So, there you have it, small businesses preserving the status quo. These brewers, who already have distribution contracts set in place with these small liquor stores, simply don’t want to think about how they could work to convince grocers to carry their beers or incense their fans to demand stores carry their brand, and liquor stores don’t want to have to think about how to carve a niche in a market where competition can enter freely.

In fact, the respective arguments of liquor stores and craft brewers are self-defeating when put together. If grocery stores will refuse to carry craft beer (as the brewers believe) and the liquor stores will lose customers to grocery store beer…liquor stores can devote more inventory to the craft beers that consumers obviously want and keep making a profit. As Philadelphia beer reporter “Joe Sixpack” said “If supermarkets squeeze out craft beer, it’ll only create alternative specialty beer retailers. Look at gourmet cheese. You can’t buy it at the Acme, but you still find it easily, in specialty shops, farmer markets and upscale places like Whole Foods.”

When I brought up the fact that Whole Foods grocery stores carry many craft beers and are often right next to liquor stores, the craft brewer I spoke with had to admit that Whole Foods was the exception to his vision of generic grocery store selection. But if selection in CO grocery stores really would be that bad, it would simply create more opportunity for stores like Whole Foods that recognize the demand for craft beers.

Allen March 9, 2009 at 8:36 am

It's not even Whole Foods, it's already happening in a way. The Super Target I like to go to in Glendale, just a couple miles from my place, has a full liquor license. They have most of an entire row of beers to choose from, many including many of these "craft" beers.

The other question that hasn't been asked in this debate here in Colorado is if part of the issue is if there are too many small brewers around. There are some local beers that I've had once or twice but never buy again. Not because they're bad but just because there are so many others that are better or others to try.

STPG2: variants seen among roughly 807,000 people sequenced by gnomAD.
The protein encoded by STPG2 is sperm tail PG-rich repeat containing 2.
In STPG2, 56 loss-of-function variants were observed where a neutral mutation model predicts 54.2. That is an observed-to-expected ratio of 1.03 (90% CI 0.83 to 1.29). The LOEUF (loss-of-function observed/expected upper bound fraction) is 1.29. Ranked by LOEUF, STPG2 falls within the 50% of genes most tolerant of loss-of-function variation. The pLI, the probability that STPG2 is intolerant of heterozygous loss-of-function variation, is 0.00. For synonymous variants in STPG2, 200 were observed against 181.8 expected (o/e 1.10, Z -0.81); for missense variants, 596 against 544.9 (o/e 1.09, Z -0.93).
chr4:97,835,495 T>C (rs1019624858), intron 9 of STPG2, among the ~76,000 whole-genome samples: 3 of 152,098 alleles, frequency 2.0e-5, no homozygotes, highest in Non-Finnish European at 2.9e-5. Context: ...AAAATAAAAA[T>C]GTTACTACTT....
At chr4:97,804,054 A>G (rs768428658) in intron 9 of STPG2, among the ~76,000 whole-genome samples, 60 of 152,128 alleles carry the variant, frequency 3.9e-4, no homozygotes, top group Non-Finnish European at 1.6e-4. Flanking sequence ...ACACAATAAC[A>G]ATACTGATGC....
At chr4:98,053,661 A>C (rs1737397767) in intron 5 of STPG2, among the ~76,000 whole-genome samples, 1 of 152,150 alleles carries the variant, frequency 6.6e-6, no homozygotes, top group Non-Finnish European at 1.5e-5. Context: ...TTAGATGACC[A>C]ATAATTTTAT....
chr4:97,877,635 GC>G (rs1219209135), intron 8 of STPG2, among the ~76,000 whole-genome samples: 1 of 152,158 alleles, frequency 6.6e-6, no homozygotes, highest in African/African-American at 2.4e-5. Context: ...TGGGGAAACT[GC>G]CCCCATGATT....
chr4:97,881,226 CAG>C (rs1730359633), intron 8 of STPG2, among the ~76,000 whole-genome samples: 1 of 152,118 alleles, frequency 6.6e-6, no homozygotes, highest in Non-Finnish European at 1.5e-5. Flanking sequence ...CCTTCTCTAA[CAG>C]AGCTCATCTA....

Maybe some Lefthand that have been leading the fight against the change fear they're going to be left in the dust. Their beer not good enough to stand out on it's own nor their business operations ran well enough to compete on price.

Here's just some CO based small brewers. This doesn't include all the others we can find in stores from KS, WY, OR, UT, CA, MN, et al. And I'm sure I'm missing some CO places, especially brew pubs that don't bottle and sell their beer.

Aspen Brewing Company (Aspen)

Avery Brewing Company (Boulder)

Boulder Beer Company (Boulder)

Breckenridge Brewery (Breckenridge)

Backcountry Brewery (Frisco)

Bristol Brewing Company (Colorado Springs)

Dillon Dam Brewery (Dillon)

Flying Dog (Denver)

Grand Lake Brewing Company (Grand Lake)

Great Divide Brewing Company (Denver)

Left Hand Brewery (Longmont)

New Belguim (Ft. Collins)

Odell Brewing Co (Ft. Collins)

Oskar Blues Brewery (Lyons)

Palisade Brewery (Palisade)

Phantom Canyon Brewing (Colorado Springs)

Pug Ryans Brewery (Dillon)

Ska Brewing Company (Durango)

Steamworks Brewing Company (Durango)

Twister Pine Brewing (Boulder)

Tommyknocker Brewery (Idaho Springs)

Wolf Rock Brewing Company (Keystone)